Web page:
Let's add a few photos, shall we? These will be repeats from facebook, but I know not everyone is addicted to is on there. On my birthday last week, we took a hike on the Salmon River Trail, then drove up to Timberline and walked uphill to play in the snow. And then we had dinner in Government Camp with our friends who live up on the mountain. It was a great day. I am so glad they enjoy the outdoors. And while not perfect, their listening was good enough that we feel comfortable taking them out again. As I told Jon, I've taken middle schoolers hiking who struggled more with following directions and being responsible.

I can't even tell you how happy this photo makes me.

They both like to ride on Daddy's shoulders.

After dipping our toes in the river.

He likes to climb.

Friday, July 20, 2012

photographic evidence that Jon is the better parent

Jon and Sasha making me a birthday present.

In the meantime, Inesa is playing games on my phone.

MIldly Brutal Honesty

Okay, we've posted here and on FB about the cute things the kids do (and their photos--they really are adorable, am I right?) and the fun activities we've been up to.  But it's not all like that, as any parent knows, then imagine the added complications of not being able to communicate, not knowing what "family" means, etc.  So I'm just going to share a few of the "other" truths about our lives right now.  Not all of them, because we value our privacy around here.  But for example...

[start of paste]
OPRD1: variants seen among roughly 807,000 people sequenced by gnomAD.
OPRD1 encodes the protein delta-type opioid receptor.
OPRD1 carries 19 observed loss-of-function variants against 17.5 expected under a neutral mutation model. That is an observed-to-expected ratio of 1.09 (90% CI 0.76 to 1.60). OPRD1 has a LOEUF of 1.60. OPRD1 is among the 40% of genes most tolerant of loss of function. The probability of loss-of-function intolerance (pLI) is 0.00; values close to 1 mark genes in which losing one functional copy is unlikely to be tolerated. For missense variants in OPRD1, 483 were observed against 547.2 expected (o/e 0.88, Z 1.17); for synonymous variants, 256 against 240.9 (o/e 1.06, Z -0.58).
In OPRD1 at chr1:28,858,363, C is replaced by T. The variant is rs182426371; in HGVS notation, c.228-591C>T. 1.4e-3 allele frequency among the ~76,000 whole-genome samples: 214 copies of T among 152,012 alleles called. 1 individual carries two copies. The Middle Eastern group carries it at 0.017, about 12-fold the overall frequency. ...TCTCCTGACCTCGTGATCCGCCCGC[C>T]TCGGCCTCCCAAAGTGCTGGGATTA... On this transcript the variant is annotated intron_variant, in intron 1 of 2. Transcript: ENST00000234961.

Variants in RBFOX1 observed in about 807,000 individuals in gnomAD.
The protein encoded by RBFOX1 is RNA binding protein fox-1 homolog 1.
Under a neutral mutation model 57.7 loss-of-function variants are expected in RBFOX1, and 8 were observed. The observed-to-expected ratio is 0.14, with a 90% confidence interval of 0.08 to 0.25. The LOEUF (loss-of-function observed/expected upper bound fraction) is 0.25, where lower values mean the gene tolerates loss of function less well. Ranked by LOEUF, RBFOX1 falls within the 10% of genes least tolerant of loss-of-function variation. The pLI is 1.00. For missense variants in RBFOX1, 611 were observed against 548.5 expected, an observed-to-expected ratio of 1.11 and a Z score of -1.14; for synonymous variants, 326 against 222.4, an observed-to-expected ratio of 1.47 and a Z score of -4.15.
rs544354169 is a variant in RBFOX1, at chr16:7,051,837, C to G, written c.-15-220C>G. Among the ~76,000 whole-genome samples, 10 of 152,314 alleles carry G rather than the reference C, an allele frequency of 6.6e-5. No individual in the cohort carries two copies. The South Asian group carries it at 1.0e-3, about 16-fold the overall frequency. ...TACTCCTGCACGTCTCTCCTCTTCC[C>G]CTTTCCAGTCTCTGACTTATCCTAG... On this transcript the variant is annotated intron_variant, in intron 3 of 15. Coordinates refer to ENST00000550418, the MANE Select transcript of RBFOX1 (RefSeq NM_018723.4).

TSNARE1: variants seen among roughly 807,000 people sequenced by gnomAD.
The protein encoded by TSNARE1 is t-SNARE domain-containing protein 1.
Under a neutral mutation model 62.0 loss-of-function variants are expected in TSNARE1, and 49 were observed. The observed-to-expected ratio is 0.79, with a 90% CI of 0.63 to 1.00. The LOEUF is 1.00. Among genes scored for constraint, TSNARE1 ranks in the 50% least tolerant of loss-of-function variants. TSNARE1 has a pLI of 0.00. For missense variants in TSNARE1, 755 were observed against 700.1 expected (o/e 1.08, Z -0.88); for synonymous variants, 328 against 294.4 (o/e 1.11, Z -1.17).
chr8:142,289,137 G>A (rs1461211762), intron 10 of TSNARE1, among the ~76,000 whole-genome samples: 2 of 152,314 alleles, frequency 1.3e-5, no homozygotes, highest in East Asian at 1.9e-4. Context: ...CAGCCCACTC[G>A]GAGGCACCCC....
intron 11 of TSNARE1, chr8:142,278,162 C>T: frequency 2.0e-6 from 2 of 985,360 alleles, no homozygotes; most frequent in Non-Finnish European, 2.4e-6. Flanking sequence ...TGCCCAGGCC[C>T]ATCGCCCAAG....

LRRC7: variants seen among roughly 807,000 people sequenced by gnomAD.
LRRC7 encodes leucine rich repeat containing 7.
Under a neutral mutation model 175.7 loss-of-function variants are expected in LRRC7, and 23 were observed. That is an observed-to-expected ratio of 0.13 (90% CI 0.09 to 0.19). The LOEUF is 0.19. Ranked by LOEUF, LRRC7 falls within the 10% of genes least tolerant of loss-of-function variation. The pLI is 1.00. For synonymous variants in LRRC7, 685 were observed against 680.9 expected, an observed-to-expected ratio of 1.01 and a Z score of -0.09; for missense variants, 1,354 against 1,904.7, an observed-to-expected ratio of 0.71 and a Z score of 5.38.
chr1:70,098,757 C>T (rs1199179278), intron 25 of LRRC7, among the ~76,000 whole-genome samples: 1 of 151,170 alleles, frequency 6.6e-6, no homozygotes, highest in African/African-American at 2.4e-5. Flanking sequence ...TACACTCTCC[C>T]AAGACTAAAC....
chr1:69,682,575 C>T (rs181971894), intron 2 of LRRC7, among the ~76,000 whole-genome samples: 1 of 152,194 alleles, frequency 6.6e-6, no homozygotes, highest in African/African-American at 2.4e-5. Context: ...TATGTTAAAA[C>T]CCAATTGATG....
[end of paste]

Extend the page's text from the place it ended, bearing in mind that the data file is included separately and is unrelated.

Our kids have too much screen time.  Because it gives us a break.  I think this is true of many families I know, but it BUGS me, having been raised without a TV and having aspirations to not fall back on that so much.  The first thing they want in the morning is not breakfast, but our smart phones.

The only forms of meat they eat are hotdogs and Tyson breaded chicken.  Both of these are disgusting in their own right, of questionable healthiness, and completely ignore any values we have regarding how meat is raised.  However, I serve one or both of these daily, because otherwise all they'll eat is fruit and ice cream and yogurt.